Institute of Astronomy

Astronomers detect gas released in a giant planetary collision

Published on 20/10/2021 

An international team of astronomers from MIT, the National University of Ireland at Galway, University of Cambridge, and elsewhere have discovered evidence of a giant impact that occurred in a nearby star system, just 95 light years from Earth. The study represents the first detection of a planetary atmosphere that was vaporised by a giant impact.

The formation of terrestrial planets like Earth takes place over the first tens of millions of years of a star’s lifetime. Theories of planet formation predict that in the latest formation stages, planets grow by colliding with each other in so-called giant impacts. As well as larger planets, these massive collisions can lead to the formation of satellites like the Moon, but also produce debris that can be observed by telescopes on Earth. However, to date, there is little observational evidence of giant impacts in planetary systems around other stars.

In this discovery, a rare glimpse comes from the nearby young star HD172555, which is visible with the naked eye from dark sites in the Southern Hemisphere. This star has been an object of intrigue among astronomers because of the large amount of dust orbiting within its terrestrial planet region. The dust’s unusual composition indicated that it most likely represents debris from the aftermath of a planetary impact - akin to the one that led to the formation of the Moon in our Solar System.

The team detected Carbon Monoxide gas around this young HD172555 planetary system (23 million years old, compared to the age of Earth and the Solar System which is about 4.6 billion years). The gas was found orbiting in large amounts in a region analogous to the outer terrestrial planet region of the Solar System, adding further evidence of a giant impact. The team determined such an impact likely occurred between a roughly Earth-sized terrestrial planet and a smaller impactor that collided at least 200,000 years ago, and at speeds of 10 kilometres per second, or more than 22,000 miles per hour.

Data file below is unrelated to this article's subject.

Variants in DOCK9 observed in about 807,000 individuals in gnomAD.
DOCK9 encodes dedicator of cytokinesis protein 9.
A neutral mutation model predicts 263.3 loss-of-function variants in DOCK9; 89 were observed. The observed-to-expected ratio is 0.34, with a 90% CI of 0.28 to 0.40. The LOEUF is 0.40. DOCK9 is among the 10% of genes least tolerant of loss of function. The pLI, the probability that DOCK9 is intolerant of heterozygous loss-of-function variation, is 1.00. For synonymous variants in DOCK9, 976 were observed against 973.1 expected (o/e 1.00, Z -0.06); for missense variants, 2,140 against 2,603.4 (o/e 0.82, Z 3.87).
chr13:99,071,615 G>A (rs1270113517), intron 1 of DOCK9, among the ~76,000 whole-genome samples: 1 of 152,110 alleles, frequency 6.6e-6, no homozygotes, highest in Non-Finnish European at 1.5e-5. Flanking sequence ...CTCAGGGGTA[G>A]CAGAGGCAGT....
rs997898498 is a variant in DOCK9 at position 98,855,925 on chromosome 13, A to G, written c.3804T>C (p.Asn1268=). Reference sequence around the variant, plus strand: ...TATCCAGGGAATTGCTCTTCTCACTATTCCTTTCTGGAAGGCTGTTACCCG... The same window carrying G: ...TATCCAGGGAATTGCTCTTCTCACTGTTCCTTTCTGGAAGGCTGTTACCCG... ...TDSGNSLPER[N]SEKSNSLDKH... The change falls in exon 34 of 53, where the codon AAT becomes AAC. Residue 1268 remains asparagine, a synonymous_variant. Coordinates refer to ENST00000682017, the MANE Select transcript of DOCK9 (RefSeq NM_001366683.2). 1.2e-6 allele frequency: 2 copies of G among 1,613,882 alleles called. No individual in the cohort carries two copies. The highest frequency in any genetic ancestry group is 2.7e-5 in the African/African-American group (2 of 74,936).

Crucially, the detected gas indicates that the high-speed impact likely blew away part of the larger planet’s atmosphere — a dramatic event that would explain the observed gas and dust around the star. The findings, appearing today in Nature, represent the first detection of a planetary atmosphere that was vaporized by a giant impact. The observations confirm the predictions of planet formation models, as this planetary system is precisely in the age range where terrestrial planet formation through giant impacts is expected to happen. 

Prof. Mark Wyatt from the IoA, who was a co-author in the study, said: ”This discovery opens up a new window into processes that were ongoing in the infancy of our own Solar system. Importantly it shows that as planets are growing part of their atmospheres are also being lost to space in these giant impacts. And these observations are telling us what the atmospheres on those newly formed planets are made up of. In the case of HD172555, its nascent planet’s atmosphere contained Carbon Monoxide gas”.

The observations were made using the ALMA (Atacama Large Millimeter/submillimeter Array) observatory in Chile, made of 66 radio telescopes working together at 16,000 ft elevation in the Atacama Desert. ALMA is the only telescope capable of detecting such a small amount of gas, which is equivalent to 10-20% of the mass of Venus’ atmosphere. 

Dr. Sebastian Marino, co-author in the study and Research fellow at Jesus College and IoA, said “We knew this star was particularly interesting as it was surrounded by a dust ring, but we didn’t expect to detect gas. Extracting this detection from the data was a serendipitous result and only possible thanks to ALMA's public archive. The data had been briefly inspected before by the team that originally designed and led these observations, but the carbon monoxide emission was missed. The data nevertheless stayed publicly accessible in the archive and after a careful second look by our team, we were able to discover the presence of gas.”

Based on the article by the National University of Ireland Galway and MIT.

Read the full study in Nature here:


For more about the study contact Dr Sebastian Marino or Prof Mark Wyatt, Institute of Astronomy, University of Cambridge, at or   

Page last updated: 20 October 2021 at 18:27